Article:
21. Physics at a 1 TeV e+e– - Linear Collider • Comparison of physics at LC and LHC • LHC discovery machine for Higgs & SUSY • LC precison measurements • cf. discovery of W- and Z-bosons at hadron collider • followed by precision tests at LEP & SLC Example: Study of Higgs properties e+ e–  H Z  H e+ e– (+– ) 1000 events/year • Tag Higgs through leptonic Z decay (recoil mass) • Study Higgs production independent of Higgs decay

  22. Higgs Physics at the Linear Collider ideally: recoil mass resolution only limited by Z width • Momentum resolution (full tracker) • (1/pt ) < 510-5 GeV-1 Determine Higgs branching ratios: • Couplings to fermions: • gf = mf /v • Couplings to gauge bosons:gHWW = 2 mW2/v gHZZ = 2 mZ2/v • Best possible vertex detector to distinguish b- and c-quarks

  23. Tracking at the Linear Collider 7-10 ms 199 ms time time 192 bunches t = 1.4 ns 2820 bunches t = 337 ns GLC/NLC TESLA Main difference for detector design between cold and warm machines timing of bunches • TESLA: higher readout speed to limit occupancy • (several readout cycles per bunch train) • GLC/NLC: bunch separation is more difficult

  24. Vertex Detector • Goal (TESLA TDR) • reconstruction of primary vertex to d(PV) < 5mmÅ10 mm / (p sin3/2q) • cf: SLD 8mmÅ33 mm / (p sin3/2q)  Multi-layer pixel detector • Stand alone tracking • Internal calibration • Small pixel (20 m  20 m) • 800 million channel

  25. Vertex Detector Three main issues: • I. Material budget • Very thin detectors •  60 m (= 0.06% X0) of silicon • No electronics in central part, i.e. no hybrid design • Minimise support • II. Radiation hardness • High background from • beam-strahlung and beam • halo • Much less critical than LHC • But much more important • than at LEP/SLC

  26. Vertex Detector CCD design CP CCD CCD classic • III. Readout speed • Integration of background during • long bunch train • Small pixel size (20 m  20 m) • to keep occupancy low • Read 10 times per train • 50 MHz clock (TESLA)  Use column parallel readout

  27. Vertex Detector Technology Several technologies under study Examples: • Charge Coupled Device: • Classical technology • Create signal in 20 m active layer • etching of bulk  total thickness  60 m • Coordinate precision 2-5 m • Low power consumption • DEPFET (DEPleted Field Effect Transistor) • Fully depleted sensor with integrated • pre-amplifier • Low noise •  10 e– at room temperature! Prototype (Bonn): 50 m × 50 m pixel 9 m resolution

  28. Vertex Detector Technology • MAPS (CMOS Monolithic Active Pixel Detectors) • Standard CMOS wafer integrating • all functions • i.e. no connections like bump bonds • Very small pixel size achievable • Radiation hardness proven • Power consumption is an issue • Pulse power?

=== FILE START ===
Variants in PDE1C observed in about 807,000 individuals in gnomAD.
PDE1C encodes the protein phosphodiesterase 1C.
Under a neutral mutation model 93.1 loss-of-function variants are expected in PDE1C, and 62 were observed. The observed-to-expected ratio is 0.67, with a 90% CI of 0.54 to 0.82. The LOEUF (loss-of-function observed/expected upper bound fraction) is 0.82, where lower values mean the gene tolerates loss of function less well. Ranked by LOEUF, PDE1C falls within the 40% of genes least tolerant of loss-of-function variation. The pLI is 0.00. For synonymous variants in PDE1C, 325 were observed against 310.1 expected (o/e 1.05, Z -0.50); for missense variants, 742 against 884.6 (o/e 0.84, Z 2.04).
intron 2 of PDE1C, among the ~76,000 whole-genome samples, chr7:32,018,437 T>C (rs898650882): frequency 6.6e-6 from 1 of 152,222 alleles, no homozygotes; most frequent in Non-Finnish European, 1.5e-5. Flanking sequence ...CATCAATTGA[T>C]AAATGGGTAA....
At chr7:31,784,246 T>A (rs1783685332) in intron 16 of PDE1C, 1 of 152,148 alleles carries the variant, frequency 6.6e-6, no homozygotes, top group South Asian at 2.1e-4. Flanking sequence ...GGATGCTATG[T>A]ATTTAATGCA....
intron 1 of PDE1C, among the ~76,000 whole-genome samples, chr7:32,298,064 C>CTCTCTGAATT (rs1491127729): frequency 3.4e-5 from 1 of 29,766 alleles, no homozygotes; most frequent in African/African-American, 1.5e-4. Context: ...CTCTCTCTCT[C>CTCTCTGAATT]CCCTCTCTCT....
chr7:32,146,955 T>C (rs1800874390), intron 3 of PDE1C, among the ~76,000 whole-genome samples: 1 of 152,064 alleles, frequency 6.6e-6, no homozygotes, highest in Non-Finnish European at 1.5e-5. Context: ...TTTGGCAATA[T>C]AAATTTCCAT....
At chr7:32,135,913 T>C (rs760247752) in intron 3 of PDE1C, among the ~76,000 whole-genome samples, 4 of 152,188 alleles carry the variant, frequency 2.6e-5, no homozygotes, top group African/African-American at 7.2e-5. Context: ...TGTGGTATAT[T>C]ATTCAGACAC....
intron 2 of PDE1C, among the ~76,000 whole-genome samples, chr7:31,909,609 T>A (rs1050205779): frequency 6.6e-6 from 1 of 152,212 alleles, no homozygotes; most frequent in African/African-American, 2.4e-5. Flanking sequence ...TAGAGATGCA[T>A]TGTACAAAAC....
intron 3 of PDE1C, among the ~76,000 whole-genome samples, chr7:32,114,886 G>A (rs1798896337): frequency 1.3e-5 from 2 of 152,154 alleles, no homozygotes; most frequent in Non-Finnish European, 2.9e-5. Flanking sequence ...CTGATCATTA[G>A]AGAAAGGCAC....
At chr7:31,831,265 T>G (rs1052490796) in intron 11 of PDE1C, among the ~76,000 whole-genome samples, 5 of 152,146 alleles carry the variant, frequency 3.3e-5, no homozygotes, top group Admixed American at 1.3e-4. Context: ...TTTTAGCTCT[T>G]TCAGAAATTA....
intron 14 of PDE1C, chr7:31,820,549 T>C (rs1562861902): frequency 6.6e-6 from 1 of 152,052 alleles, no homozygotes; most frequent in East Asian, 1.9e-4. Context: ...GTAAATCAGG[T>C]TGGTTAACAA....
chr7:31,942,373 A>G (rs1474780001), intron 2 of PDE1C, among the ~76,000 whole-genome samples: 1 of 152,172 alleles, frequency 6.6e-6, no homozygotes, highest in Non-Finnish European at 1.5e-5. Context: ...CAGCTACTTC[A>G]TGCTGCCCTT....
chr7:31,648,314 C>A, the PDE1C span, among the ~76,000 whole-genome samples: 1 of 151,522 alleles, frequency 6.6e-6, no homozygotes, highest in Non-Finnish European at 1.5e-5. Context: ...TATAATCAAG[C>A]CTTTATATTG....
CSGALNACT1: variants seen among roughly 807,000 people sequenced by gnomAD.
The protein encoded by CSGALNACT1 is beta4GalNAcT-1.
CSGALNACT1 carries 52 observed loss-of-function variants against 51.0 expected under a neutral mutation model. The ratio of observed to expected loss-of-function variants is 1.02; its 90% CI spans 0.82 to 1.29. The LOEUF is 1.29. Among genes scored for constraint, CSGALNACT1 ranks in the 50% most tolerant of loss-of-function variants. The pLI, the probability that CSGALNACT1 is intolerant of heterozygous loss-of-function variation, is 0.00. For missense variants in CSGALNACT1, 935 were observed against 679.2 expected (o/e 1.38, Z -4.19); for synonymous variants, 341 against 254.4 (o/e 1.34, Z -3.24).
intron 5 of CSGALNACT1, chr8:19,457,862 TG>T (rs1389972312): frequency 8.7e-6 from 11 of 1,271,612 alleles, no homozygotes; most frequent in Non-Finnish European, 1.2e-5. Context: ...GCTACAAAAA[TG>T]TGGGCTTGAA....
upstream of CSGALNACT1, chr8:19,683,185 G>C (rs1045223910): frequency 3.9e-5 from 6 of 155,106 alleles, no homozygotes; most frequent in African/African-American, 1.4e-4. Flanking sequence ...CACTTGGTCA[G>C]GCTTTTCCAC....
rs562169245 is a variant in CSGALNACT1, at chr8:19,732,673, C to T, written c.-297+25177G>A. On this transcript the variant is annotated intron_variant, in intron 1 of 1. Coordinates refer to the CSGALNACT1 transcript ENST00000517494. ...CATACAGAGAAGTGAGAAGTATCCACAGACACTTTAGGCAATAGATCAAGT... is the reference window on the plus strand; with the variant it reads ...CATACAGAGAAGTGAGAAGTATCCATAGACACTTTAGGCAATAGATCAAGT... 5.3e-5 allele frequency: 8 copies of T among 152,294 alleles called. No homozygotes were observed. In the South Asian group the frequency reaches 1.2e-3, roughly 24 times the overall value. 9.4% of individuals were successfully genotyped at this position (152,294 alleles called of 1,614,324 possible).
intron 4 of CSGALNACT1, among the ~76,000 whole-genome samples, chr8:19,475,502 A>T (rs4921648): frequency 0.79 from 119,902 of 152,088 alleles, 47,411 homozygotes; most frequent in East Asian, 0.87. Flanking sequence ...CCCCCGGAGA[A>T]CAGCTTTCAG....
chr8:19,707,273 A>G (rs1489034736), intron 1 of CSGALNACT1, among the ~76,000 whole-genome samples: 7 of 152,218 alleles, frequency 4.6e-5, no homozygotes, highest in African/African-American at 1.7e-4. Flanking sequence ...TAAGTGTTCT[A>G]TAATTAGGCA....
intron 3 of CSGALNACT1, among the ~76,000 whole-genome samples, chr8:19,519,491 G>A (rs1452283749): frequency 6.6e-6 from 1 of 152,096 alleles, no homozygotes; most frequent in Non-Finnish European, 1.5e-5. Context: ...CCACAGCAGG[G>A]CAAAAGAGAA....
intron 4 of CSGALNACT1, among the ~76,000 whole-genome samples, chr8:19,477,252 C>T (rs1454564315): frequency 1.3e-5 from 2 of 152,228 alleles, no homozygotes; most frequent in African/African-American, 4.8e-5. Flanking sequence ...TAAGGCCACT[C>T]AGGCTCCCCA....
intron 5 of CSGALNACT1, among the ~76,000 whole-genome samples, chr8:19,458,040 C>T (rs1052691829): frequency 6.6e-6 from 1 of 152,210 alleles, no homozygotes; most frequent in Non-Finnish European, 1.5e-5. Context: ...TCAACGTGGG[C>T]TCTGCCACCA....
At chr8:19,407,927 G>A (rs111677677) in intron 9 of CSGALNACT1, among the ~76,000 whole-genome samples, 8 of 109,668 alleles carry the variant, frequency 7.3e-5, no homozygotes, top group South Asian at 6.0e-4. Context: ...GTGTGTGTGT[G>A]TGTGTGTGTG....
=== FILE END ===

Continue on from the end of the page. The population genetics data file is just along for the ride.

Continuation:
29. Main Tracker Simulation of one TESLA bunch train background (beam strahlung) + 1 Higgs • Large Si-Tracker à la LHC experiments? • Much lower particle rates at Linear Collider • Keep material budget low •  Large Time Projection Chamber • 1.7 m radius • 3% X0 barrel (30% X0 endcap) • High magnetic field (4 Tesla) • Goals • (1/pt ) < 510-5 GeV-1 • 200 points (3-dim.) per track • 100 mm single point resolution • dE/dx 5% resolution • 10 times better single point resolution than at LEP

  30. Time Projection Chamber Wires GEM New concept for gas amplification at the end flanges: Replace proportional wires with Micro Pattern Gas Detectors GEM or Micromegas • - Finer dimensions • Two-dimensional symmetry • (no E×B effects) • - Only fast electron signal • - Intrinsic ion feedback suppression

  31. Ø 75m 140 m Gas Electron Multiplier (GEM)(F. Sauli 1996) • 50 mm capton foil, • double sided copper coated • 75 mm holes, 140 mm pitch • GEM voltages up to 500 V • yield 104 gas amplification • For TPC use GEM towers for • safe operation, e.g. COMPASS

  32. Micromegas(Y. Giomataris 1996) 50 mm pitch • Asymmetric parallel plate chamber • with micromesh • Saturation of Townsend coefficient • mild dependence of amplification • on gap variations • Ion feedback suppression

  33. Micro Pattern Gas Detectors • Detection of electron signal • from MPGD: • no signal broadening by induction •  short & narrow signals • If signal collected on one pad •  No centre-of-gravity • Possible Solutions • Smaller pads • Replace pads by bump bonds of • pixel readout chips • Capacitive or resistive coupling • of adjacent pads

  34. R&D Work on TPC Carlton/Victoria Aachen DESY/Hamburg Karlsruhe Orsay/Saclay Examples Triple GEM structure

  35. R&D Work on TPC Examples of first results from triple GEM structures in high magnetic field • Short & narrow pulses • Single point resolution O(100 m) • Low ion feedback 2 10-3 DESY

  36. Summary & Conclusions • Tracking at the LHC: • Large & precise tracking detectors mainly • based on silicon technology under construction • Hybrid pixel vertex detectors • Start of data taking in 2007 • Electron-Positron Linear Collider: • Vertexing with ultrafine & fast silicon pixel detectors • Tracking with high precision TPC exploiting • micropattern gas detectors • Worldwide R&D programs ongoing